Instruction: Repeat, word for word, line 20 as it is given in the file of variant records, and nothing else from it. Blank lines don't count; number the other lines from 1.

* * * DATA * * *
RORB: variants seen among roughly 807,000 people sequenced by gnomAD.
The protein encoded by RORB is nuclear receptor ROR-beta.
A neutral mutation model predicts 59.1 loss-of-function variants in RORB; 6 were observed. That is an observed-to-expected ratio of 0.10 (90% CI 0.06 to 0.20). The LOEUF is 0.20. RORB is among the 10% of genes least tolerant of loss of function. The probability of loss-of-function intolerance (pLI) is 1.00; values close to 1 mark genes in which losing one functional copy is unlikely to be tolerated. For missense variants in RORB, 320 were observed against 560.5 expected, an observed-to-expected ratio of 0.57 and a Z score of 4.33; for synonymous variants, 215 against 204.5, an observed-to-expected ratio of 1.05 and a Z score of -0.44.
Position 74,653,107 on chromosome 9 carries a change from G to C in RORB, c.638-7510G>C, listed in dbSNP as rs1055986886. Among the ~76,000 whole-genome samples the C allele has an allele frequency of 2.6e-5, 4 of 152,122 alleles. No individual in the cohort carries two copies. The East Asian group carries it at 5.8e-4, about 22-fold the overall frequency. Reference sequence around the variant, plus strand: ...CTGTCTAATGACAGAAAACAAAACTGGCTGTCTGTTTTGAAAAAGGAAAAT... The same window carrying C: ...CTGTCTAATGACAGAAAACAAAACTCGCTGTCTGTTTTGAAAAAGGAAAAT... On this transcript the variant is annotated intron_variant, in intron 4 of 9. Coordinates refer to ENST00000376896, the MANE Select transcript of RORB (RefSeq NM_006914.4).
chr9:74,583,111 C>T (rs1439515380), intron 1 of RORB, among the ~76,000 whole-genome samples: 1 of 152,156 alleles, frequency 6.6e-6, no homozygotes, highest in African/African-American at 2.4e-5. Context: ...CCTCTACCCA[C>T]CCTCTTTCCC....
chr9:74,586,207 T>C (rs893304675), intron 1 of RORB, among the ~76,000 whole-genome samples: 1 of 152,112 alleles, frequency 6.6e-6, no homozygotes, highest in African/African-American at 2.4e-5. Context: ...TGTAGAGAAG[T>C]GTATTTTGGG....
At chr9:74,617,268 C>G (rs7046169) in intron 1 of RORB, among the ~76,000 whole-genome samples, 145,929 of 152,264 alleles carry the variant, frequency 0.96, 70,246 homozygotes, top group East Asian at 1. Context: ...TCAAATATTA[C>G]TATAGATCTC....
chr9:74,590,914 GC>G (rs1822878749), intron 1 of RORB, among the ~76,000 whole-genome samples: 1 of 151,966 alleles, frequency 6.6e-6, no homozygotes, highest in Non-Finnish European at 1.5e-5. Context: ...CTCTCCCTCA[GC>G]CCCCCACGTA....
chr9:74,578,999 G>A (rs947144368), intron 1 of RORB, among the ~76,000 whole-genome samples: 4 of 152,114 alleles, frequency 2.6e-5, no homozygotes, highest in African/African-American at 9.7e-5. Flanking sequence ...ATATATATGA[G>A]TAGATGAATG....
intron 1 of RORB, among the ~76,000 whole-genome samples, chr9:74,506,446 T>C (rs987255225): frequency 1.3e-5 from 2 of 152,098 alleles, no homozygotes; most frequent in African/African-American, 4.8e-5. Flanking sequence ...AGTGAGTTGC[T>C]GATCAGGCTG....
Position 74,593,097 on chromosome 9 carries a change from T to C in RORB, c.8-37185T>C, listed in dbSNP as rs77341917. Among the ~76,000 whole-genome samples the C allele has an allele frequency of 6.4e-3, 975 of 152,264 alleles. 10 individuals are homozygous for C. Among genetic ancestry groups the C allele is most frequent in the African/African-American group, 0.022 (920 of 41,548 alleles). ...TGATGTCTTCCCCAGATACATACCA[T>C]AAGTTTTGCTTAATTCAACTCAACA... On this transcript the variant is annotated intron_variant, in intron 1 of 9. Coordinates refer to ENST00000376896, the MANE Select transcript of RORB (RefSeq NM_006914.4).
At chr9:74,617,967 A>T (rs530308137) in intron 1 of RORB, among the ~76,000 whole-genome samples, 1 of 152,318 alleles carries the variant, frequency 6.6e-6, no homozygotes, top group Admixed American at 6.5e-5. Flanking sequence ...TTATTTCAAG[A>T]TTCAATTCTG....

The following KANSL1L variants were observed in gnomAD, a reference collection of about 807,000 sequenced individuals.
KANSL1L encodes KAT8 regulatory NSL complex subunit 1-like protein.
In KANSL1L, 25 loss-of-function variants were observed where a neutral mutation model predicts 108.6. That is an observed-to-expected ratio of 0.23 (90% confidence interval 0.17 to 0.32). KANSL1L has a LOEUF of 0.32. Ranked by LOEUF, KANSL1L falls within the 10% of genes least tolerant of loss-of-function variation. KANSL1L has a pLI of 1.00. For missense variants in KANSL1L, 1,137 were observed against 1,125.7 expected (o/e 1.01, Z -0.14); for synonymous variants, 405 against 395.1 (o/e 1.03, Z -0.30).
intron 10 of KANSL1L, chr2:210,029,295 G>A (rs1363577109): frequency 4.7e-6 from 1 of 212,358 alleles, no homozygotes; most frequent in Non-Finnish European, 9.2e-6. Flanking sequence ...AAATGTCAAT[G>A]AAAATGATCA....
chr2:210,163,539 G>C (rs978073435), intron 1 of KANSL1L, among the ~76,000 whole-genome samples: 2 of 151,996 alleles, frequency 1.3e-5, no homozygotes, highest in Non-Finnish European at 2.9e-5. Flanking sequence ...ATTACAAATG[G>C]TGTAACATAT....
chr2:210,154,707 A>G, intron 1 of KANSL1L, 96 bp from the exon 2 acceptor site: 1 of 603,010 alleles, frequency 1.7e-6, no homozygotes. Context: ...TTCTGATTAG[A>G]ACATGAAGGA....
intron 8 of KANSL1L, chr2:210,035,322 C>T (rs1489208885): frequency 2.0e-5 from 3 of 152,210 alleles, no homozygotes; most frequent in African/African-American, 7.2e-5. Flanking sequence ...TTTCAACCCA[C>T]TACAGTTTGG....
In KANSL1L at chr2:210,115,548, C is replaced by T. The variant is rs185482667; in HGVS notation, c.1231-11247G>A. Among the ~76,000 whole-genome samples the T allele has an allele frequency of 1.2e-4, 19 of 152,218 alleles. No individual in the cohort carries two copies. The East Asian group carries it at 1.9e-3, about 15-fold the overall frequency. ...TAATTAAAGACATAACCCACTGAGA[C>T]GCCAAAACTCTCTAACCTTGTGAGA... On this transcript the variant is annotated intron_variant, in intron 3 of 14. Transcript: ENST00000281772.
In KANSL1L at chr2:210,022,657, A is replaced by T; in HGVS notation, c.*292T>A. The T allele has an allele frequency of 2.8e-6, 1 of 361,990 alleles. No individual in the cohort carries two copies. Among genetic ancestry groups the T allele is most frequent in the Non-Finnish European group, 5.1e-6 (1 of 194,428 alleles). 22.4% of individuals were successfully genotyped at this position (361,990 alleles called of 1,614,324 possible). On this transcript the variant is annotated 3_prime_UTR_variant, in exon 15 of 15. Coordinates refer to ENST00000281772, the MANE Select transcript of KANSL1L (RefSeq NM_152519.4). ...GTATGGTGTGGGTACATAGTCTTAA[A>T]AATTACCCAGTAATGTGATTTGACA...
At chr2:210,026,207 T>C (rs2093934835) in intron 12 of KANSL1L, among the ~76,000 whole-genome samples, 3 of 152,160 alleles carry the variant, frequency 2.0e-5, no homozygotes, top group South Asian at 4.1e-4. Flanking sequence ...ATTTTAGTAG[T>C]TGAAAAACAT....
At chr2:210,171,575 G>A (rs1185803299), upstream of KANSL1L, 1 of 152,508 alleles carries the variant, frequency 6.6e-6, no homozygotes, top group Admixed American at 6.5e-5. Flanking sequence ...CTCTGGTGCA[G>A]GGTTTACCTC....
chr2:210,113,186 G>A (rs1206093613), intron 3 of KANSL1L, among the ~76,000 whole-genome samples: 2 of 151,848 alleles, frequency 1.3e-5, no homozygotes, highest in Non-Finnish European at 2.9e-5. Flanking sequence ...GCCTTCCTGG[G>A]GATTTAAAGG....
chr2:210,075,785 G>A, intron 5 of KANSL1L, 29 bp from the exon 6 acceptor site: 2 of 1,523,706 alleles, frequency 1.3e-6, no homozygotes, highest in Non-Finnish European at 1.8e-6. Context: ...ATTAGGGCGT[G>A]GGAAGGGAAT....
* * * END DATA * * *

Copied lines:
In KANSL1L at chr2:210,115,548, C is replaced by T. The variant is rs185482667; in HGVS notation, c.1231-11247G>A. Among the ~76,000 whole-genome samples the T allele has an allele frequency of 1.2e-4, 19 of 152,218 alleles. No individual in the cohort carries two copies. The East Asian group carries it at 1.9e-3, about 15-fold the overall frequency. ...TAATTAAAGACATAACCCACTGAGA[C>T]GCCAAAACTCTCTAACCTTGTGAGA... On this transcript the variant is annotated intron_variant, in intron 3 of 14. Transcript: ENST00000281772.